Real Estate, #19 Best Business Job

For most people, a house is the biggest purchase they’ll ever make. And although the prospect of a new home can be incredibly exciting, it can also be incredibly disconcerting, especially as new homeowners anticipate parting with a huge chunk of change. Good real estate agents ease that transition into home-ownership. “It’s so much more than sales,” says Jason Townsend, managing broker of Capital Community Properties, a small team doing business under the brokerage of Keller Williams in the District of Columbia. “As opposed to selling stocks or insurance, there’s an emotional side to real estate that can be very rewarding.”

Successful real estate agents should enjoy both the relational (or clients services) aspect of the job, as well as the business and financial aspects. Real estate agents buy, sell or rent properties on behalf of their clients. They must have a deep knowledge of the market and of the communities in their area, so they can advise their clients on matters ranging from how to accurately price their homes to when is the right moment to make the plunge and buy a new one.

Agents also guide buyers toward the homes that best fit their needs by generating a list of properties for sale, accompanying the client to see the properties and negotiating an offer with the seller. The terms real estate agent and real estate broker are often used interchangeably. The main difference between the two is that brokers are licensed to manage their own businesses, while agents are not. Agents may work under brokers, but their jobs are similar – both help clients sell as well as buy homes. And though it’s possible to buy or sell a home without using a professional, an agent can make the process a lot easier.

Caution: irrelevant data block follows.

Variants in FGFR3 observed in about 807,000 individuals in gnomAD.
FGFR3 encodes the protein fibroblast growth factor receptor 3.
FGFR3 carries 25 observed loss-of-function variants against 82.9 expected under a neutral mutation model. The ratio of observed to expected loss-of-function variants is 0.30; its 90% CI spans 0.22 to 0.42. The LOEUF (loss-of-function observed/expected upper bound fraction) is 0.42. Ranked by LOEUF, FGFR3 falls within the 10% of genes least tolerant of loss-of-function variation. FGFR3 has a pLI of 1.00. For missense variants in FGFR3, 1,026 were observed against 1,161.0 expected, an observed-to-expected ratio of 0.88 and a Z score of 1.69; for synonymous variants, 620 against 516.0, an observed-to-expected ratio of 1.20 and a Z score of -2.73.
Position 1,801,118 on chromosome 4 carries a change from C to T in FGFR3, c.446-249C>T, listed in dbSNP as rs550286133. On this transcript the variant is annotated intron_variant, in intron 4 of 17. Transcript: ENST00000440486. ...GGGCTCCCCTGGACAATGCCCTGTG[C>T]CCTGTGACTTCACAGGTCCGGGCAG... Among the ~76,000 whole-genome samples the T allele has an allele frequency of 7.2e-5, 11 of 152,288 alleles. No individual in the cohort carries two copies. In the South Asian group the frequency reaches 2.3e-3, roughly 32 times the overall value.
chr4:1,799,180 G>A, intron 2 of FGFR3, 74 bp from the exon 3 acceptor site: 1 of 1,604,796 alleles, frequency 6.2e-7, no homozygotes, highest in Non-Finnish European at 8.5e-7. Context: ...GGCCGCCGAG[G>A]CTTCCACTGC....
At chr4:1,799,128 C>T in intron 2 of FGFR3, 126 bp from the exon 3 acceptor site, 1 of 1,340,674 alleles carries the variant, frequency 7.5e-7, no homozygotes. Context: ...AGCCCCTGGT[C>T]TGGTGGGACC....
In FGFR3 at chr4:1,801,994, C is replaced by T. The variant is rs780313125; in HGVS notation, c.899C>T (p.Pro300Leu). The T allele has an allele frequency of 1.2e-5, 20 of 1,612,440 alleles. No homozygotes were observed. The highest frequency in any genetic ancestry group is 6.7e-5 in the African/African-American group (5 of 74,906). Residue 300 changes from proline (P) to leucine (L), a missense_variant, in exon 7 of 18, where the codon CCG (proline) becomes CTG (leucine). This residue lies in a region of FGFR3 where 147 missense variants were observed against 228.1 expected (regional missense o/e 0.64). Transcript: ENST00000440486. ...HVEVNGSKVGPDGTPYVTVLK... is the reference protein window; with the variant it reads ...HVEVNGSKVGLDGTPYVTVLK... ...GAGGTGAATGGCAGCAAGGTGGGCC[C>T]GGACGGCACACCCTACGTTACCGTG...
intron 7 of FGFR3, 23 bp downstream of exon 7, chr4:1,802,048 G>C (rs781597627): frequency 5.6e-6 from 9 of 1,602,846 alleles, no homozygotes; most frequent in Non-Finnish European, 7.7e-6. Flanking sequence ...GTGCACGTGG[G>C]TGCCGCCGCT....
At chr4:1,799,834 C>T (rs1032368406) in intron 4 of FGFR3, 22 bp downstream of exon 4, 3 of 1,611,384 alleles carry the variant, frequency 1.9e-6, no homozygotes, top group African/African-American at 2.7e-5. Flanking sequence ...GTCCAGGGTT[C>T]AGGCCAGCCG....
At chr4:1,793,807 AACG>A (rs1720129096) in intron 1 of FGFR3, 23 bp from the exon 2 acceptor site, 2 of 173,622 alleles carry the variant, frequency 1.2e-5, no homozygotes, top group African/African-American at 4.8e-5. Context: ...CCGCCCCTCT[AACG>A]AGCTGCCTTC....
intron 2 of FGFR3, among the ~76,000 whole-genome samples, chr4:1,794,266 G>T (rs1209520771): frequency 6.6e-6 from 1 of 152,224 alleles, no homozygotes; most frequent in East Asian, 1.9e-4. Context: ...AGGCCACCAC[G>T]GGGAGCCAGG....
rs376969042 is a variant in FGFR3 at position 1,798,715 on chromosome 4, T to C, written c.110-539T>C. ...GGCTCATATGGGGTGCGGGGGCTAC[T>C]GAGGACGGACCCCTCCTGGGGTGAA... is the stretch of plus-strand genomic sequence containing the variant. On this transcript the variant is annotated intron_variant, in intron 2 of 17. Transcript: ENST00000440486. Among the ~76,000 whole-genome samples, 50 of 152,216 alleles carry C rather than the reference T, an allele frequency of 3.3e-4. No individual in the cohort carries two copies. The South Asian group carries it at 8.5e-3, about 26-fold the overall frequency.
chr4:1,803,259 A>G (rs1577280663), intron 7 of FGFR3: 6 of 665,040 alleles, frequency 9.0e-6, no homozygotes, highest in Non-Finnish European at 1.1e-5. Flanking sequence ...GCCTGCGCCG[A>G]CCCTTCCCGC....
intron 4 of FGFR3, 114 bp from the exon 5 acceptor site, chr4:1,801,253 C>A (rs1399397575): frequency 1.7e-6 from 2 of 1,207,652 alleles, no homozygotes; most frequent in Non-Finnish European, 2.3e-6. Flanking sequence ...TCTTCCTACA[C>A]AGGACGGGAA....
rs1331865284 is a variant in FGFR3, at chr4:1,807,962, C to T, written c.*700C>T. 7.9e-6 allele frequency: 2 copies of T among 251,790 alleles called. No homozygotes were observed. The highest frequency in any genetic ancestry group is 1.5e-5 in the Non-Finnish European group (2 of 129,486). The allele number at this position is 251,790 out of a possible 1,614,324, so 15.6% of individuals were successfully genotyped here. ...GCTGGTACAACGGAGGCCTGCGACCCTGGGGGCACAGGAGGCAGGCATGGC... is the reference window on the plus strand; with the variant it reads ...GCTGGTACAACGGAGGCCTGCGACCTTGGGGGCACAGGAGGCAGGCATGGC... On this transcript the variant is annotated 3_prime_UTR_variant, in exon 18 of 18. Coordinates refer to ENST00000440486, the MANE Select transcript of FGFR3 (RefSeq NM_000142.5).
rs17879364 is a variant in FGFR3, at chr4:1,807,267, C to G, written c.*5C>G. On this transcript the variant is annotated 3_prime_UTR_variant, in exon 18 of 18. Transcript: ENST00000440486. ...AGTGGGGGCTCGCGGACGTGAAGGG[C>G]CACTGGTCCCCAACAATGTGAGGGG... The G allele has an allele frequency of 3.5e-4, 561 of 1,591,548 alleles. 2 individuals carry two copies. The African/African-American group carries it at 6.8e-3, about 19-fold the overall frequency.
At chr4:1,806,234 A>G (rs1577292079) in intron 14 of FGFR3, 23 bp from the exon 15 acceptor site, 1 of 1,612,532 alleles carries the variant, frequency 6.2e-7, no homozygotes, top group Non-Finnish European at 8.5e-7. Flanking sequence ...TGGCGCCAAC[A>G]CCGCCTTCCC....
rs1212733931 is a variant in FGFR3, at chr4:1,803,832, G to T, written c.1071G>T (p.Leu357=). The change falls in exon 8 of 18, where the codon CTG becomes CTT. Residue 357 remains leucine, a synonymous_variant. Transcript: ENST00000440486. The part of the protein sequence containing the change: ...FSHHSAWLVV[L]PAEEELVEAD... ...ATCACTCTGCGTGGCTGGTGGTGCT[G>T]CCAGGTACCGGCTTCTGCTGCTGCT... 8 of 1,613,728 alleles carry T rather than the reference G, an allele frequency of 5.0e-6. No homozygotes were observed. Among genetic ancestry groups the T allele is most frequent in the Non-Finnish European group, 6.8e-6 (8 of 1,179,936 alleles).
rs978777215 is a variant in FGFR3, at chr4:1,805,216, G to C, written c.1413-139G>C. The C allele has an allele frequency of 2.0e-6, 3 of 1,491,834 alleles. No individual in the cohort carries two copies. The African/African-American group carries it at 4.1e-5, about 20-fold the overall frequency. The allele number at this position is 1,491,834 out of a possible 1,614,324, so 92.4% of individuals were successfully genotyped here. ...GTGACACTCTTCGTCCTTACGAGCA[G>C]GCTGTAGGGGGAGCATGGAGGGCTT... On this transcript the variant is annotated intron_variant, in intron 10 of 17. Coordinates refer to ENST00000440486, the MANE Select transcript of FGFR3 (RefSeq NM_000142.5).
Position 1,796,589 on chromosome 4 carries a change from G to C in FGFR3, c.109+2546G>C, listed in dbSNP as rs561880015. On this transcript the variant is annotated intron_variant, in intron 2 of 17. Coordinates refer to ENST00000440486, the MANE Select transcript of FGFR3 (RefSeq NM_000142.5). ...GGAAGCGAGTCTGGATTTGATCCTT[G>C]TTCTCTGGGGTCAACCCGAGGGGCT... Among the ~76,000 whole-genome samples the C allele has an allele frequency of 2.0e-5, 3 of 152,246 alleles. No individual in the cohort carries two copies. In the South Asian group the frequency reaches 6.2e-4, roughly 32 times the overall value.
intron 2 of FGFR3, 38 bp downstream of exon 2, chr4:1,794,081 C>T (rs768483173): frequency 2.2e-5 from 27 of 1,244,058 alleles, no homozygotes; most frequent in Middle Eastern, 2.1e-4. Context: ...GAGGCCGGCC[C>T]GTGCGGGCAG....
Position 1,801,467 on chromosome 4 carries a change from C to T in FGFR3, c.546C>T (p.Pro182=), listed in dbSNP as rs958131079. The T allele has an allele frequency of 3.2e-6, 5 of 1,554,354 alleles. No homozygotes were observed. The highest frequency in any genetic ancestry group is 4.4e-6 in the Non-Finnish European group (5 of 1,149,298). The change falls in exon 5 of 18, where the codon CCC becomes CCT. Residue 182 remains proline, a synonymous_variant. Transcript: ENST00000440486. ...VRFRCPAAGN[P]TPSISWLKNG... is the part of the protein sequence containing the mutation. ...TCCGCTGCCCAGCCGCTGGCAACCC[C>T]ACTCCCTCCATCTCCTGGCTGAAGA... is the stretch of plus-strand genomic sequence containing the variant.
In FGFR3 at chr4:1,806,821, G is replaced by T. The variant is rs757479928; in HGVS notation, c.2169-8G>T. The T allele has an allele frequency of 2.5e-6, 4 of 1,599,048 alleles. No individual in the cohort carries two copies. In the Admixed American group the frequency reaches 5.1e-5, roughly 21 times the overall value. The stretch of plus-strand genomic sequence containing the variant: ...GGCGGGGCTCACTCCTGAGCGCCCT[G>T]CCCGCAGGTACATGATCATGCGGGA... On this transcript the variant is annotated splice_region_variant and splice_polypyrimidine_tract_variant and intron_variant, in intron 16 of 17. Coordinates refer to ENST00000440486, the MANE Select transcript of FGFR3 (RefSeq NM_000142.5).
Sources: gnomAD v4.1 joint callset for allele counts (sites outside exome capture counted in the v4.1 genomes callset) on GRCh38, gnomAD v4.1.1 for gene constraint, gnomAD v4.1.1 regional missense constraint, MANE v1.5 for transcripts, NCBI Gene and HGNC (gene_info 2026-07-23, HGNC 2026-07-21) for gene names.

Growth: The Bureau of Labor Statistics projects 11.1 percent job growth for real estate sales agents between 2012 and 2022, which is about as fast as average. During that time period, an additional 38,000 jobs will open up. Couple these projections with a fairly low unemployment rate and the promise of increased home sales as the economy continues to improve following the downturn, and the outlook for real estate agents is quite solid.

Salary: According to the BLS, real estate agents earned a median salary of $39,800 in 2013. The best-paid earned about $98,090, while the lowest-paid earned approximately $21,240. The highest earners worked in the metropolitan areas of Lake County, Illinois; New York City; and Ocean City, New Jersey. Salary Range 75th Percentile.

Training:  The qualifications for becoming a real estate agent are few. You must be 18 years or older with a high school diploma, and you must have a state-specific real estate license, which you’d acquire by taking and passing an exam. Established brokers looking to hire junior agents will also look favorably on college degrees in finance, business administration, statistics, economics or even law. The National Association of Realtors also sponsors courses that touch on the basic financial and legal aspects of real estate.

But education isn’t the only deciding factor: Social skills, good judgment and enthusiasm are key and among the traits that brokers look for in applicants. Reviews and Advice Townsend recommends starting out with an experienced broker. “Come alongside an established broker, leveraging their leads and their infrastructure,” Townsend says. “The first component is lead generating. If you don’t have anyone to serve, it’s a moot point.” Real estate agents should also play up their people skills, their business acumen and their passion for the profession – and the community, in which they hope to work. Experienced brokers will also appreciate seeing job applicants taking advantage of continuing education opportunities, for instance the NAR’s extensive library (free for members), as well as classes at different realty associations.

Source:  US News and World Reports